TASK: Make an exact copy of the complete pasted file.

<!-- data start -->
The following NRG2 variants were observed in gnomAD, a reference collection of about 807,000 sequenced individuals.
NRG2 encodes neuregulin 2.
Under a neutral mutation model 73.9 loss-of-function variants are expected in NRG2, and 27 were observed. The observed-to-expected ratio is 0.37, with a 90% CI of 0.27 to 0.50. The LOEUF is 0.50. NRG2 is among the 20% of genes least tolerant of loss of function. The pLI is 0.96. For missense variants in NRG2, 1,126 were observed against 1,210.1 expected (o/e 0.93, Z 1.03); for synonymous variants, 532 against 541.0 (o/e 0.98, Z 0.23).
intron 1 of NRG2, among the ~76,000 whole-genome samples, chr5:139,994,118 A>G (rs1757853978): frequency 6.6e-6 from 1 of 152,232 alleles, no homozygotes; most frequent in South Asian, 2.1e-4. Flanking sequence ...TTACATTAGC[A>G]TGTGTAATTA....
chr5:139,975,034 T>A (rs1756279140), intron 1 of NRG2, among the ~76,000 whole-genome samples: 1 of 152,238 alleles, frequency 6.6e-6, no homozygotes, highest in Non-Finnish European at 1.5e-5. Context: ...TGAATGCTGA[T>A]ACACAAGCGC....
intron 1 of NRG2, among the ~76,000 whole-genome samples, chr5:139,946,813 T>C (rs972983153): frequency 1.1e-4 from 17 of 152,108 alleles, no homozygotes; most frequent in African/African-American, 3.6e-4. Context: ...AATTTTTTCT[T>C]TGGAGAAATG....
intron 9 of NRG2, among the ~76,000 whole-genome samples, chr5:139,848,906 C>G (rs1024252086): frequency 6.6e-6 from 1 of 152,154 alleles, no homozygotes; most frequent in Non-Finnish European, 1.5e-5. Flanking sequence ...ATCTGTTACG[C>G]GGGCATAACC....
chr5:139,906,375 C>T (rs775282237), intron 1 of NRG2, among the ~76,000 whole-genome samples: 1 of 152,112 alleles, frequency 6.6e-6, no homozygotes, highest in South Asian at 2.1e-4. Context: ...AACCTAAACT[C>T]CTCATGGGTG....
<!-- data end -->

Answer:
The following NRG2 variants were observed in gnomAD, a reference collection of about 807,000 sequenced individuals.
NRG2 encodes neuregulin 2.
Under a neutral mutation model 73.9 loss-of-function variants are expected in NRG2, and 27 were observed. The observed-to-expected ratio is 0.37, with a 90% CI of 0.27 to 0.50. The LOEUF is 0.50. NRG2 is among the 20% of genes least tolerant of loss of function. The pLI is 0.96. For missense variants in NRG2, 1,126 were observed against 1,210.1 expected (o/e 0.93, Z 1.03); for synonymous variants, 532 against 541.0 (o/e 0.98, Z 0.23).
intron 1 of NRG2, among the ~76,000 whole-genome samples, chr5:139,994,118 A>G (rs1757853978): frequency 6.6e-6 from 1 of 152,232 alleles, no homozygotes; most frequent in South Asian, 2.1e-4. Flanking sequence ...TTACATTAGC[A>G]TGTGTAATTA....
chr5:139,975,034 T>A (rs1756279140), intron 1 of NRG2, among the ~76,000 whole-genome samples: 1 of 152,238 alleles, frequency 6.6e-6, no homozygotes, highest in Non-Finnish European at 1.5e-5. Context: ...TGAATGCTGA[T>A]ACACAAGCGC....
intron 1 of NRG2, among the ~76,000 whole-genome samples, chr5:139,946,813 T>C (rs972983153): frequency 1.1e-4 from 17 of 152,108 alleles, no homozygotes; most frequent in African/African-American, 3.6e-4. Context: ...AATTTTTTCT[T>C]TGGAGAAATG....
intron 9 of NRG2, among the ~76,000 whole-genome samples, chr5:139,848,906 C>G (rs1024252086): frequency 6.6e-6 from 1 of 152,154 alleles, no homozygotes; most frequent in Non-Finnish European, 1.5e-5. Flanking sequence ...ATCTGTTACG[C>G]GGGCATAACC....
chr5:139,906,375 C>T (rs775282237), intron 1 of NRG2, among the ~76,000 whole-genome samples: 1 of 152,112 alleles, frequency 6.6e-6, no homozygotes, highest in South Asian at 2.1e-4. Context: ...AACCTAAACT[C>T]CTCATGGGTG....